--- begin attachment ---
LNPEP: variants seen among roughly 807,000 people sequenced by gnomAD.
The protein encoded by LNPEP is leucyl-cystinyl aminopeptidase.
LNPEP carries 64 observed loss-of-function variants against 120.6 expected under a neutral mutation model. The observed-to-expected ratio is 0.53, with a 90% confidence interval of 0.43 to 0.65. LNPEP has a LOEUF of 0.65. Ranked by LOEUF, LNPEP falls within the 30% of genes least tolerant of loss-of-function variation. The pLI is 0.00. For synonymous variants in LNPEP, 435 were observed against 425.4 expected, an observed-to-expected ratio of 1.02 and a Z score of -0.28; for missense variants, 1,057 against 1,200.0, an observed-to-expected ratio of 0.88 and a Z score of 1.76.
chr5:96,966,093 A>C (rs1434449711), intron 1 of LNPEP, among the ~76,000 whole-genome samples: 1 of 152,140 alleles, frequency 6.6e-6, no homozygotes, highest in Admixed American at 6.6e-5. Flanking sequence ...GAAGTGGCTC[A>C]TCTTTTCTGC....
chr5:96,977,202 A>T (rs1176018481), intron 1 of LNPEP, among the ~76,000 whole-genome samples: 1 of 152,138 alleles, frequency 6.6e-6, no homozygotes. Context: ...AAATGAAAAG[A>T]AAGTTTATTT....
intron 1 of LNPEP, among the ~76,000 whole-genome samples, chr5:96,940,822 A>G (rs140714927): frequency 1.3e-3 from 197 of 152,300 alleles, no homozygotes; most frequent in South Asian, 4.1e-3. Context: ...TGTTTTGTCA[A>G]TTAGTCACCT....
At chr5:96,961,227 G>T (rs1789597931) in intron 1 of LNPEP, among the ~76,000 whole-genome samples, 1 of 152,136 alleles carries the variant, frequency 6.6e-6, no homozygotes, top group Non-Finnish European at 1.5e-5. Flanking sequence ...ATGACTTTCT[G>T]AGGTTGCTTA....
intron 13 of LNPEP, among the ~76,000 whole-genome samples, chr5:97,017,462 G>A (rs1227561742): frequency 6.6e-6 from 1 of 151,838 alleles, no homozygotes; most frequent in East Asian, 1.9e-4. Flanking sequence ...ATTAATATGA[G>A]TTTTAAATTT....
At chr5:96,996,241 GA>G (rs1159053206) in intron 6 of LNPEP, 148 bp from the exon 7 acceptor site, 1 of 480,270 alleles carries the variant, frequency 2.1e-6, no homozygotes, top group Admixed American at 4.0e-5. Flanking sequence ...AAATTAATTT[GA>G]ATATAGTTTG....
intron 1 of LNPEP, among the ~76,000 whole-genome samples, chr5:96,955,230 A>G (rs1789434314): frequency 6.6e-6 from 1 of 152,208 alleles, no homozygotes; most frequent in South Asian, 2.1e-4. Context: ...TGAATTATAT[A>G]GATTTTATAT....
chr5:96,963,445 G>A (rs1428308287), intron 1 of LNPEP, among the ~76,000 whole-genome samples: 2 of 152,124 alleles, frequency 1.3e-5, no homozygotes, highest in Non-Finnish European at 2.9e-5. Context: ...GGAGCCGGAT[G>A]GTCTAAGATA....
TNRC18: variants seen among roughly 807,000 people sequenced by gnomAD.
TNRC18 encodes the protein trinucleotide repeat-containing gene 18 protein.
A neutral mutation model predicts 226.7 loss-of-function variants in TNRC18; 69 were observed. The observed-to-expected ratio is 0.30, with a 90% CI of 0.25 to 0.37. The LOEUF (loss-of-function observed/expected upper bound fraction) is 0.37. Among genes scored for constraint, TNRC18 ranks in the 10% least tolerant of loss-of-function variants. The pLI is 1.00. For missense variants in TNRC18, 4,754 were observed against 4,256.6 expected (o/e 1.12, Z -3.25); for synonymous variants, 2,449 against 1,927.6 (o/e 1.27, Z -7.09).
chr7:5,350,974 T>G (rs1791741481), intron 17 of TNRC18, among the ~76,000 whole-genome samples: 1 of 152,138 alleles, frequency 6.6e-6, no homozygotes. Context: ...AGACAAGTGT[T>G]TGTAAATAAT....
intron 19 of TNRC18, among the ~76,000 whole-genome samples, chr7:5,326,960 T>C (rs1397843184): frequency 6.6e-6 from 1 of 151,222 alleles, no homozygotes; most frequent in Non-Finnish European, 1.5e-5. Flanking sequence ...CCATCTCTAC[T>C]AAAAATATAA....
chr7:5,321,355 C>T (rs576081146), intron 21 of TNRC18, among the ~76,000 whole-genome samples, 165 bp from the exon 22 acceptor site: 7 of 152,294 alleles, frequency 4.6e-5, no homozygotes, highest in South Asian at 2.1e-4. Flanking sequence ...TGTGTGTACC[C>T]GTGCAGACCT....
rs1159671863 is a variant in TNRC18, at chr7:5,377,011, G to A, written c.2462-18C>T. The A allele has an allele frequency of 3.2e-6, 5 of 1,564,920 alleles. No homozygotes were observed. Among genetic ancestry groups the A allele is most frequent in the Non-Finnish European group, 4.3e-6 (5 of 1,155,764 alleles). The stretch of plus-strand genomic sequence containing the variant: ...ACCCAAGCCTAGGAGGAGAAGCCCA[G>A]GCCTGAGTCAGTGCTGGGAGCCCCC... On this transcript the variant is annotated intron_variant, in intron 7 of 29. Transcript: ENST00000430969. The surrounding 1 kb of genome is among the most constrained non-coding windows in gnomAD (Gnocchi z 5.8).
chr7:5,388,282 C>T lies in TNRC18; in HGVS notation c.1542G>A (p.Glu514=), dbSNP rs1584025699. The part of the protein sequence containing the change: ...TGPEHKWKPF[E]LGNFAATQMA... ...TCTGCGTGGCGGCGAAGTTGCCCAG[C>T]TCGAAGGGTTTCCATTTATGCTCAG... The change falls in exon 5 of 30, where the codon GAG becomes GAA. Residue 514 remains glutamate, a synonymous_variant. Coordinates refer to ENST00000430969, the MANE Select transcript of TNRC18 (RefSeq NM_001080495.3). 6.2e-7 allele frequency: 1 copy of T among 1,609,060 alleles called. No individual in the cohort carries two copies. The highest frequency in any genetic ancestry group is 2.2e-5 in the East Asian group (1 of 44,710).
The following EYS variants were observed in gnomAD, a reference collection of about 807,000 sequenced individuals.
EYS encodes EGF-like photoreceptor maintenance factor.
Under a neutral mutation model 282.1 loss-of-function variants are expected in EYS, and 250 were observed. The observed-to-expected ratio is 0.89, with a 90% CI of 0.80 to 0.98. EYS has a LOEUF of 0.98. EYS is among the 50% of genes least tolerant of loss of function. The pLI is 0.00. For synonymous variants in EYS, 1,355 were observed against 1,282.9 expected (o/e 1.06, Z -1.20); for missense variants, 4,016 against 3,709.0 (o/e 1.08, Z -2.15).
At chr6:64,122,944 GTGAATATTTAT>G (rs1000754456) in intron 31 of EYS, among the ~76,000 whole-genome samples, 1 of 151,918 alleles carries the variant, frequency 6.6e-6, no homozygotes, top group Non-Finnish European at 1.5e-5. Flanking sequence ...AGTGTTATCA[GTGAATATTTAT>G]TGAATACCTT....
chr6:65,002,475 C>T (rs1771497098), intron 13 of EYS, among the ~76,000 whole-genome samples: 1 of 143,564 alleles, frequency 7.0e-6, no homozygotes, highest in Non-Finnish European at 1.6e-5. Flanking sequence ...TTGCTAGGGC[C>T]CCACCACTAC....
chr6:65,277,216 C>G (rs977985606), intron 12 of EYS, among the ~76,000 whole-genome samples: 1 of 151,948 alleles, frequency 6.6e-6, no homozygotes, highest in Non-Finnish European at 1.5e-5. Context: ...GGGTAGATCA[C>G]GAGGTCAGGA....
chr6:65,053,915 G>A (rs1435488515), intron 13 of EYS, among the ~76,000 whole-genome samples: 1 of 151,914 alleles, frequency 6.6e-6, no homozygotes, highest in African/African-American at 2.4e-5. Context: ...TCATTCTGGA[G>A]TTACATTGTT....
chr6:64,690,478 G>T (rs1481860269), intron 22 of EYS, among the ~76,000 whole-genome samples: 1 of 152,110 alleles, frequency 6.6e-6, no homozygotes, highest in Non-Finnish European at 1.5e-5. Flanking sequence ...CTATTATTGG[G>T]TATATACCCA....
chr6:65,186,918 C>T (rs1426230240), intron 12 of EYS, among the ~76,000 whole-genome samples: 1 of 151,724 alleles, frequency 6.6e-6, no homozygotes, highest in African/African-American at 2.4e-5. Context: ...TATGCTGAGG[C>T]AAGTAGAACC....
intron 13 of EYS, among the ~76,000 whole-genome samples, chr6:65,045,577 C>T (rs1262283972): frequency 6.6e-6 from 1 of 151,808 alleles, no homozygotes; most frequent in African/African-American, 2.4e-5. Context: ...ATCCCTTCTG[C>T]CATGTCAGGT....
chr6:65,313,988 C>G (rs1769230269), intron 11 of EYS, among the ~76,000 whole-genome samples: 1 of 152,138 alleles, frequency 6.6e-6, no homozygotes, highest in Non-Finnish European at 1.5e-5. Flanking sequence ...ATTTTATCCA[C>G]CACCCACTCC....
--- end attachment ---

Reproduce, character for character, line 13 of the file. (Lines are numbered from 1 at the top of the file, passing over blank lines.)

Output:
TNRC18 encodes the protein trinucleotide repeat-containing gene 18 protein.